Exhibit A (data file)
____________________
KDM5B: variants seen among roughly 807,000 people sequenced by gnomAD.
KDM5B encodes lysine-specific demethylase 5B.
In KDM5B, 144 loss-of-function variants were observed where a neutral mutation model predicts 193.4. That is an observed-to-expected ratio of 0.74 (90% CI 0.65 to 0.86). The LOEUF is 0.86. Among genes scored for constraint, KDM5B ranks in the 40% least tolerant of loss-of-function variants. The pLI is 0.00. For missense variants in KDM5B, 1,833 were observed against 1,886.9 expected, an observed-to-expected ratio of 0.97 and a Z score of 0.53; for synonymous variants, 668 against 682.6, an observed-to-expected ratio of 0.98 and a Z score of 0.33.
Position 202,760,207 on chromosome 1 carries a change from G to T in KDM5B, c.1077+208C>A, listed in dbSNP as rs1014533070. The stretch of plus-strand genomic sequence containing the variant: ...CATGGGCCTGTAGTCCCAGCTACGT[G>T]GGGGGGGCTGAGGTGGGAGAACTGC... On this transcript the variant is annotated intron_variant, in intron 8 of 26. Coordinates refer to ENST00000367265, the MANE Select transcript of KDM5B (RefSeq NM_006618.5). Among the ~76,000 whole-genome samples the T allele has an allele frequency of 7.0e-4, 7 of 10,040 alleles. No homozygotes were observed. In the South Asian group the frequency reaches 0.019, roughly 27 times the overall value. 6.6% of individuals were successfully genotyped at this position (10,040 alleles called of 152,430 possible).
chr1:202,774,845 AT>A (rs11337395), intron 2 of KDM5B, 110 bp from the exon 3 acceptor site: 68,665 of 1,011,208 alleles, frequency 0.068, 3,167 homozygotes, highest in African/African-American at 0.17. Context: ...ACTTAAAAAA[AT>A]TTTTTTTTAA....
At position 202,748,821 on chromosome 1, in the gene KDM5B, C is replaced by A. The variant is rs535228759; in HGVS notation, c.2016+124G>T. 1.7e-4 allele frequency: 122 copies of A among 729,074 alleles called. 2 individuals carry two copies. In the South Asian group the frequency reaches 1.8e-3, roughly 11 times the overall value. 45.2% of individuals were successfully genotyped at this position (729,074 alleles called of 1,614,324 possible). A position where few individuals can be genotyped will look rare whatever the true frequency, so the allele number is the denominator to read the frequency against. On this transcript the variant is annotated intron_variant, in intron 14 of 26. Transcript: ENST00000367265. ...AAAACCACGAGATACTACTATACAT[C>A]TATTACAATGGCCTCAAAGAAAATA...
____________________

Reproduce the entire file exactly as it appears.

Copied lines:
KDM5B: variants seen among roughly 807,000 people sequenced by gnomAD.
KDM5B encodes lysine-specific demethylase 5B.
In KDM5B, 144 loss-of-function variants were observed where a neutral mutation model predicts 193.4. That is an observed-to-expected ratio of 0.74 (90% CI 0.65 to 0.86). The LOEUF is 0.86. Among genes scored for constraint, KDM5B ranks in the 40% least tolerant of loss-of-function variants. The pLI is 0.00. For missense variants in KDM5B, 1,833 were observed against 1,886.9 expected, an observed-to-expected ratio of 0.97 and a Z score of 0.53; for synonymous variants, 668 against 682.6, an observed-to-expected ratio of 0.98 and a Z score of 0.33.
Position 202,760,207 on chromosome 1 carries a change from G to T in KDM5B, c.1077+208C>A, listed in dbSNP as rs1014533070. The stretch of plus-strand genomic sequence containing the variant: ...CATGGGCCTGTAGTCCCAGCTACGT[G>T]GGGGGGGCTGAGGTGGGAGAACTGC... On this transcript the variant is annotated intron_variant, in intron 8 of 26. Coordinates refer to ENST00000367265, the MANE Select transcript of KDM5B (RefSeq NM_006618.5). Among the ~76,000 whole-genome samples the T allele has an allele frequency of 7.0e-4, 7 of 10,040 alleles. No homozygotes were observed. In the South Asian group the frequency reaches 0.019, roughly 27 times the overall value. 6.6% of individuals were successfully genotyped at this position (10,040 alleles called of 152,430 possible).
chr1:202,774,845 AT>A (rs11337395), intron 2 of KDM5B, 110 bp from the exon 3 acceptor site: 68,665 of 1,011,208 alleles, frequency 0.068, 3,167 homozygotes, highest in African/African-American at 0.17. Context: ...ACTTAAAAAA[AT>A]TTTTTTTTAA....
At position 202,748,821 on chromosome 1, in the gene KDM5B, C is replaced by A. The variant is rs535228759; in HGVS notation, c.2016+124G>T. 1.7e-4 allele frequency: 122 copies of A among 729,074 alleles called. 2 individuals carry two copies. In the South Asian group the frequency reaches 1.8e-3, roughly 11 times the overall value. 45.2% of individuals were successfully genotyped at this position (729,074 alleles called of 1,614,324 possible). A position where few individuals can be genotyped will look rare whatever the true frequency, so the allele number is the denominator to read the frequency against. On this transcript the variant is annotated intron_variant, in intron 14 of 26. Transcript: ENST00000367265. ...AAAACCACGAGATACTACTATACAT[C>A]TATTACAATGGCCTCAAAGAAAATA...